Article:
The Miami Arts and Humanities Council is hosting “Follies and Flicks on Route 66” on Oct. 13.
Activities will be held on Main Street, in the parking lot of the First National Bank, and at the Coleman Theatre, according to Leslie Swan, president of the Miami Arts and Humanities Council.
Designs of Autumn, sponsored by the Miami Arts and Humanities Council for 15 years, usually takes place on Miami's Main Street in September.
It was canceled this year.
“We normally start planning the fall festival nine months ahead of time,” Swan said. “This year we anticipated work being done on Miami's Main Street and decided to cancel the festival.
“We decided to do ‘Follies and Flicks on Route 66' in lieu of the festival.”
“Follies and Flicks” will bring Will Rogers to the forefront.
William Penn Adair Rogers, known around the world as Will Rogers, was born Nov. 4, 1879, in what was Indian Territory near today's Oologah. He died Aug. 15, 1935, the result of an airplane accident in Point Barrow, Alaska,
Rogers was known as Oklahoma's favorite son.
He was an American cowboy, comedian, humorist, social commentator, vaudeville performer and actor.
He ultimately traveled around the world three times, made 71 movies (50 silent films and 21 “talkies”) and wrote more than 4,000 nationally syndicated newspaper columns.
He's known to have performed at Miami's Coleman Theatre several times.
Miami's Will Rogers Middle School is one of 13 public schools in Oklahoma named after him.
Interstate 44, just outside of Miami from Joplin, Mo., to Tulsa, is known as the Will Rogers Turnpike.
Steve Gragert, curator at the Will Rogers Memorial in Claremore, will introduce Roger's movie, “The Ropin' Fool,” at the Coleman Theatre at 1:30 p.m.
“The Ropin' Fool” is a 22-minute silent film in which Rogers stars and that he produced.
At 42, Rogers saw a need to preserve on film the incredible feats possible with a rope … the lariat, the cowboy's work tool.
The film provides a permanent record of Rogers performing roping tricks, many of which were never duplicated.
Slow-motion photography showed how it was done and dispelled the belief that it was fake.
Rogers also wrote the subtitles.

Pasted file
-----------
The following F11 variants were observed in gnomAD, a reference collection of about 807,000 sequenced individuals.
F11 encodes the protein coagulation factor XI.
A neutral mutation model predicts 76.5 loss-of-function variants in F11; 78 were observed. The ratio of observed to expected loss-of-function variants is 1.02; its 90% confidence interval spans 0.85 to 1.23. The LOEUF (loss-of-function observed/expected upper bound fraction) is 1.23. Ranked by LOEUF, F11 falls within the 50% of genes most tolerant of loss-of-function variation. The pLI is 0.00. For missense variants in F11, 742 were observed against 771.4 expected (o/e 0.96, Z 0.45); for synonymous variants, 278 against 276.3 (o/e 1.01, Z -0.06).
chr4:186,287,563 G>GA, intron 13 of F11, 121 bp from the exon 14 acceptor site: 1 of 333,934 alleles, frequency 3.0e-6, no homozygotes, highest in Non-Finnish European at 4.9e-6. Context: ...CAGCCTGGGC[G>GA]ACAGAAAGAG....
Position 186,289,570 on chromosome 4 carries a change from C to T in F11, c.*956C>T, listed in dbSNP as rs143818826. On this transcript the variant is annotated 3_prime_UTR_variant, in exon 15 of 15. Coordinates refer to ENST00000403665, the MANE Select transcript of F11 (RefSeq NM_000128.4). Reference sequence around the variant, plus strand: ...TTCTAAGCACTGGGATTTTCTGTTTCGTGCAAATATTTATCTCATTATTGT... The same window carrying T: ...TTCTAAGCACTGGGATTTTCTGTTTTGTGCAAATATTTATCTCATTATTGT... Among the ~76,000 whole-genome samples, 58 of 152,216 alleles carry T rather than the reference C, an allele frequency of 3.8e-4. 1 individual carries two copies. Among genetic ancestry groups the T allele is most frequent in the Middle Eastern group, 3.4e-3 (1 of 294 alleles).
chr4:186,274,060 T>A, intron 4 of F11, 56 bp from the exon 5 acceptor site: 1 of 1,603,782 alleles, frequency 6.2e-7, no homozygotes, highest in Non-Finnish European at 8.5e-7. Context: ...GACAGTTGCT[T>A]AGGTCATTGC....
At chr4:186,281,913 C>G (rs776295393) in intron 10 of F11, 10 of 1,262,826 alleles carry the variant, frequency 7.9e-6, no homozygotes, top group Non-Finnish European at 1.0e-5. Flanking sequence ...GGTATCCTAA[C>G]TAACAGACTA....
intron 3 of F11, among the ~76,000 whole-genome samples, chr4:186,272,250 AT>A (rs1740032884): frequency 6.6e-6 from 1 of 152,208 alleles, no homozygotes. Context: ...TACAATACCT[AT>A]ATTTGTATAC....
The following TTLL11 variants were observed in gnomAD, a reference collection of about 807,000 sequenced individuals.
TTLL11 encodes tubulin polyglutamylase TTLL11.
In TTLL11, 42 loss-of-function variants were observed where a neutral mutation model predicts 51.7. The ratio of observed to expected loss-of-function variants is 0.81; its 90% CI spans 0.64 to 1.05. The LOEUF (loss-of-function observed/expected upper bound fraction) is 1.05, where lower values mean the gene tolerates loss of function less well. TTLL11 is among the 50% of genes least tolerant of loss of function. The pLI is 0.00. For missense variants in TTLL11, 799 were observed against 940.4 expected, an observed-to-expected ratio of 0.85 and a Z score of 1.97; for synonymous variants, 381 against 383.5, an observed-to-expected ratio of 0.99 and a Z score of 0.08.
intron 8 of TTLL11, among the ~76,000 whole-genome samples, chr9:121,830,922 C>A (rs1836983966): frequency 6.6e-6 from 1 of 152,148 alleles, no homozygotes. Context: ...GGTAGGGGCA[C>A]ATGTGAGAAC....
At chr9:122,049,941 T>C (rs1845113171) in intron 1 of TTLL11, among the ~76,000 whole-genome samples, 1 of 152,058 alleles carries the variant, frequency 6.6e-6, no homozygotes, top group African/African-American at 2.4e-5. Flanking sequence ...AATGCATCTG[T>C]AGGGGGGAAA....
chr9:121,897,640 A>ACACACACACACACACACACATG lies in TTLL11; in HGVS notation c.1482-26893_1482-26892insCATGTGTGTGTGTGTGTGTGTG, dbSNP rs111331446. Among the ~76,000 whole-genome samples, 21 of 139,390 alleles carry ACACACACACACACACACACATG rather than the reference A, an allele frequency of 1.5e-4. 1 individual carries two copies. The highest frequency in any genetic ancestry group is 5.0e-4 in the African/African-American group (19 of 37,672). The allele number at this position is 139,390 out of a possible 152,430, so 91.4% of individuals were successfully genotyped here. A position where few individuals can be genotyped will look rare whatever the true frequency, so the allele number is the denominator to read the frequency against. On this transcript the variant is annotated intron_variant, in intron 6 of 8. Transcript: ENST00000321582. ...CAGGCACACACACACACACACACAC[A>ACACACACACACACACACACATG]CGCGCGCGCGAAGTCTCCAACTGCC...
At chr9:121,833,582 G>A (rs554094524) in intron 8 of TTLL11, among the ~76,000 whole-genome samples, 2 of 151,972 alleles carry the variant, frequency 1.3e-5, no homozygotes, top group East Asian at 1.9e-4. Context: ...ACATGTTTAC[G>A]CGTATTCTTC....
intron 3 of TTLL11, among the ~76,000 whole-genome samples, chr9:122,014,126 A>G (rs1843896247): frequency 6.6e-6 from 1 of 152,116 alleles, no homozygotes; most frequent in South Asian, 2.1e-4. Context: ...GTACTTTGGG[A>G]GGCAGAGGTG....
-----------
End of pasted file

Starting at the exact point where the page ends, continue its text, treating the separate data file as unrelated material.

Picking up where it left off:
Activities will conclude with a performance by Doug Watson, a Will Rogers impersonator.
But, the public should not worry. Two highlights of Designs of Autumn will be continued.
The chili cook-off, which actually began before Designs of Autumn, and the children's art contest continue.
Teams must enter the chili cook-off by Friday. Cost is $20.
There are two categories - competitive and anything goes chili.
Several new teams have already entered.
Taster kits, which include a bottle of water, are $5 and available at 11 a.m. the morning of the cooking which will be in the parking lot of the First National Bank.
Each kit comes with a ballot for the taster to vote for the people's choice winner.
The Barton-Sweeney Trio will perform during the chili-cook-off.
Proceeds from the chili cook-off will be donated to the Integris Hospice.
Everything will be off Miami's Main Street by 1 p.m. for the Northeastern Oklahoma A&M College homecoming parade.
The art competition is open to Miami Elementary School students and those of the same age that are home schooled.
The theme is the Oklahoma centennial.
The school entries are being picked up Thursday.
The parents of home schooled students may still pick up the paper for the contest at the Miami Area Chamber of Commerce. It must be returned to the chamber by 10 a.m. Monday to be part of the judging that afternoon.
Connie Benedict, art teacher at Will Rogers Middle School, will be the judge.
Students in the Miami High School Chapter of the National Honor Society will help with hanging the ribbons on the pictures, which will be on display in the windows of Sooner Printing on Main Street.
Members of the board of the Miami Arts and Humanities Council have assisted with the “Follies and Flicks” activities.
They include Becky Acupan, Mary Booth, Kim Folks, Lynn Forkum, David Froman, Marcia McManigal, Ann Neal, Greg and Julie Smith, Ginny Stinson, Jessica Stout and Marcy Thompson.